The ultraviolet and X-ray view of the demise of nova V1974 CYGNI

Steven N. Shore, Sumner Starrfield, G. Sonneborn

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33 Scopus citations


We present new data on the variations of the ultraviolet nitrogen lines during the late, optically thin stages of the outburst of V1974 Cygni. These show that, ∼500 days after discovery, the ejecta reached maximum ionization and then started to recombine, coincident with the X-ray turnoff observed with ROSAT. We derive densities for the ejecta at this stage and use these to discuss the development of the ejecta. The decline with time of the UV emission lines, especially He II λ1640, shows that the ejecta must have a linear velocity structure. This agrees with models for the ejection by an explosion and models that we have previously published for the line profiles. We then model the variations of the X-rays from this nova. We show that the ROSAT rise can be modeled by assuming a constant-luminosity central source, at approximately the Eddington limit for a massive white dwarf and an effective temperature of ∼4 × 105 K, using only a decreasing X-ray optical depth within the ejecta, as previously noted by Krautter et al. This model can be generalized to explain the absence of X-ray emission during the early outburst stages of any nova. Last, we show that the final decline in the X-rays requires a substantial decrease in both the luminosity and temperature of the central star, in agreement with expectations for thermonuclear burnout on the surface of the white dwarf.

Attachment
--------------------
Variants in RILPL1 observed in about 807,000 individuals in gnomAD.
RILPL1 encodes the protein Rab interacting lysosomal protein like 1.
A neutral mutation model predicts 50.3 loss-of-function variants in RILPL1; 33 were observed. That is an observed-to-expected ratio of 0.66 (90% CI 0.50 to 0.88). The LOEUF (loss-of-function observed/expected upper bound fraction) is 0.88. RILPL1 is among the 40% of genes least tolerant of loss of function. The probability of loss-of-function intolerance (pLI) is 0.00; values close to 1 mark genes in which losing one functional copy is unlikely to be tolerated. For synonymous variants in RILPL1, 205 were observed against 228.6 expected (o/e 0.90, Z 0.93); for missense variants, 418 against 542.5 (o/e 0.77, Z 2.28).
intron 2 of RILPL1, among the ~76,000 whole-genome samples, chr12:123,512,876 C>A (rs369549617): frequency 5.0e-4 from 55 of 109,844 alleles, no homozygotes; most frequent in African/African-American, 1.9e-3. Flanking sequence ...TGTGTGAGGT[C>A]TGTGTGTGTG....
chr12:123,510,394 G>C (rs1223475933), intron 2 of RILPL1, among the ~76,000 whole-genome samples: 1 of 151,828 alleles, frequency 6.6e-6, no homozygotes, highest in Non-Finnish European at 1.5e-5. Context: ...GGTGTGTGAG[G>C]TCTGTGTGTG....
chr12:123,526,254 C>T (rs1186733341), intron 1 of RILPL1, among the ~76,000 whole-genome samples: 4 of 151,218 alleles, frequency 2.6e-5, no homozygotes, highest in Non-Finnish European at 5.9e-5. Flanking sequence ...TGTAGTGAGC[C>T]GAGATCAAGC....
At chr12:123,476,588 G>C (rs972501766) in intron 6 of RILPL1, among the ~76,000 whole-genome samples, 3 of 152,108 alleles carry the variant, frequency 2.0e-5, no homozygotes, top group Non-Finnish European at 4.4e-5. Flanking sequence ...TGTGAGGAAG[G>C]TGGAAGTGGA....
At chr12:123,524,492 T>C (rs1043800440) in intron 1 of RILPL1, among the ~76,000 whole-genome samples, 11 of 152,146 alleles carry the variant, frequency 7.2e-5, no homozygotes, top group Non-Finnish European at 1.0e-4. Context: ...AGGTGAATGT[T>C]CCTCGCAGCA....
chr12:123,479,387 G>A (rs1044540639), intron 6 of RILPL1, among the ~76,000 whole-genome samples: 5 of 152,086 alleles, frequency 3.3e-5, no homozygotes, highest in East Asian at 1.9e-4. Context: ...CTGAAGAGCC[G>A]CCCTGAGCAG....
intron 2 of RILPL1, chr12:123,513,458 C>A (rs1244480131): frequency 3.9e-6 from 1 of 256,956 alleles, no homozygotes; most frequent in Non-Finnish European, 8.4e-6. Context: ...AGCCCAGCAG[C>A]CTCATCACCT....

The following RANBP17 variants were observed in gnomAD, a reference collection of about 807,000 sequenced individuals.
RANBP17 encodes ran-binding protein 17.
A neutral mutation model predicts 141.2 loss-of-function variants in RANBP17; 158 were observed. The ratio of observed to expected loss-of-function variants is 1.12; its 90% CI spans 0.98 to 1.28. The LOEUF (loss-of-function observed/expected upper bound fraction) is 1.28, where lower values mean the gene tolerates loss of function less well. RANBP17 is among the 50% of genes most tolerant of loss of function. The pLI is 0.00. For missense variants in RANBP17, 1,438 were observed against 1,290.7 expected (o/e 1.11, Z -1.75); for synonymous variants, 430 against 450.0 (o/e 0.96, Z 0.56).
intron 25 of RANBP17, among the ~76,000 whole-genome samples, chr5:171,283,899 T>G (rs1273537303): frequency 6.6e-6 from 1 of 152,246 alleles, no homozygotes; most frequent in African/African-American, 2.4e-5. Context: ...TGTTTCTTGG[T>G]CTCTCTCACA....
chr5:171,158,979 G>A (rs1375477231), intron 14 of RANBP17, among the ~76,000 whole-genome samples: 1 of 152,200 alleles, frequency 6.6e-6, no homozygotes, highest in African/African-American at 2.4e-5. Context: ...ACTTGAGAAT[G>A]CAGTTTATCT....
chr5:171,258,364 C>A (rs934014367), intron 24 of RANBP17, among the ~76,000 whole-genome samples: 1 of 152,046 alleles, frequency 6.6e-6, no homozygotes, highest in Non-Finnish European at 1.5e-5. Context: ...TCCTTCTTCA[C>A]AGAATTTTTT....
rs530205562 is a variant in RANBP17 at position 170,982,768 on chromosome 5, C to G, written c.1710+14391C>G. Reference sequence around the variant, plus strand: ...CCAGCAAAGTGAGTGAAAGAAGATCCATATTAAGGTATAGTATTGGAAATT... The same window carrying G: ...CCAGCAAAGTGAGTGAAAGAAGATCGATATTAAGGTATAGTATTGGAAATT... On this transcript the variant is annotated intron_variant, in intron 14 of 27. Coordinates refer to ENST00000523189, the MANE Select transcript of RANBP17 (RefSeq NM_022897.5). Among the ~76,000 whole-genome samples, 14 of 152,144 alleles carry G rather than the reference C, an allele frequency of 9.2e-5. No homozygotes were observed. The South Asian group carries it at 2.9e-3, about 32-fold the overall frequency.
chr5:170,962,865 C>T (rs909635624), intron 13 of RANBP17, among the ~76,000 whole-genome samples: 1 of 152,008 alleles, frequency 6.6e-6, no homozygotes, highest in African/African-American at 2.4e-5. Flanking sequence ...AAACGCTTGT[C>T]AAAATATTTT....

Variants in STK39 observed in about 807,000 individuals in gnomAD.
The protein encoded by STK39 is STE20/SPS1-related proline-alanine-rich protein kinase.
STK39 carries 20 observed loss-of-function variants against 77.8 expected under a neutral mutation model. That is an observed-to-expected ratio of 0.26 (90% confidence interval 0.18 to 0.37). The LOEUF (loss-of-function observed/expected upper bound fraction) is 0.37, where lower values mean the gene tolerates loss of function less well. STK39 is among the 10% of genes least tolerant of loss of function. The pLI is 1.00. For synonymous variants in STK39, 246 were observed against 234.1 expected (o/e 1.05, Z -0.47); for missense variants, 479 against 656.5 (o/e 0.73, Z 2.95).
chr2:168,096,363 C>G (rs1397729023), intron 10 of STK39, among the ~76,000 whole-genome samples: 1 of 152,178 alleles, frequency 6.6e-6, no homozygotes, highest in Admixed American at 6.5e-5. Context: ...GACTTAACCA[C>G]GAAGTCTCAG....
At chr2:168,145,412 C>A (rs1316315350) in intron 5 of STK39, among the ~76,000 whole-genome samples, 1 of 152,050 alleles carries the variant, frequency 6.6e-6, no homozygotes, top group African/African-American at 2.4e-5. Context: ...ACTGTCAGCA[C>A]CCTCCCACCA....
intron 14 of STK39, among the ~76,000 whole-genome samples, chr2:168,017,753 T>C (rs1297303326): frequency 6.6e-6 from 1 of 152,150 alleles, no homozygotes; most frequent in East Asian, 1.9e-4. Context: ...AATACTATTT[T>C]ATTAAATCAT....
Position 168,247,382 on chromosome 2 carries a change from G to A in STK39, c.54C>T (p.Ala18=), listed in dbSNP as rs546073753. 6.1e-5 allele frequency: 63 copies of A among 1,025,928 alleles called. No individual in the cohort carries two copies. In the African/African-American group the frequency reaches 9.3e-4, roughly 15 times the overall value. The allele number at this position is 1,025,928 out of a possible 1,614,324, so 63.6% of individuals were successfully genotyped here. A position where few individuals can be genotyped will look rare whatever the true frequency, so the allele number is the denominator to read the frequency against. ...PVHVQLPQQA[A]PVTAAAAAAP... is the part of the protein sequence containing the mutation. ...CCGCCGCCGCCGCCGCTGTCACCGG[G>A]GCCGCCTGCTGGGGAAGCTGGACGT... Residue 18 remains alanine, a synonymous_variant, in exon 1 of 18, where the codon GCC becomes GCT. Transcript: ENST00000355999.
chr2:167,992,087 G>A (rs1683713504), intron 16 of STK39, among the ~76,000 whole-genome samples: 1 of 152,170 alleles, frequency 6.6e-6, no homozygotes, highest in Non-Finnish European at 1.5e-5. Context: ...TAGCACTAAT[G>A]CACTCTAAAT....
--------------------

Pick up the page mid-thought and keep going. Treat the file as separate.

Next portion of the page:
Original languageEnglish (US)
Pages (from-to)L21-L24
JournalAstrophysical Journal
Issue number1 PART II
StatePublished - 1996


  • Novae, cataclysmic variables
  • Ultraviolet: stars
  • X-rays: stars

ASJC Scopus subject areas

  • Astronomy and Astrophysics
  • Space and Planetary Science


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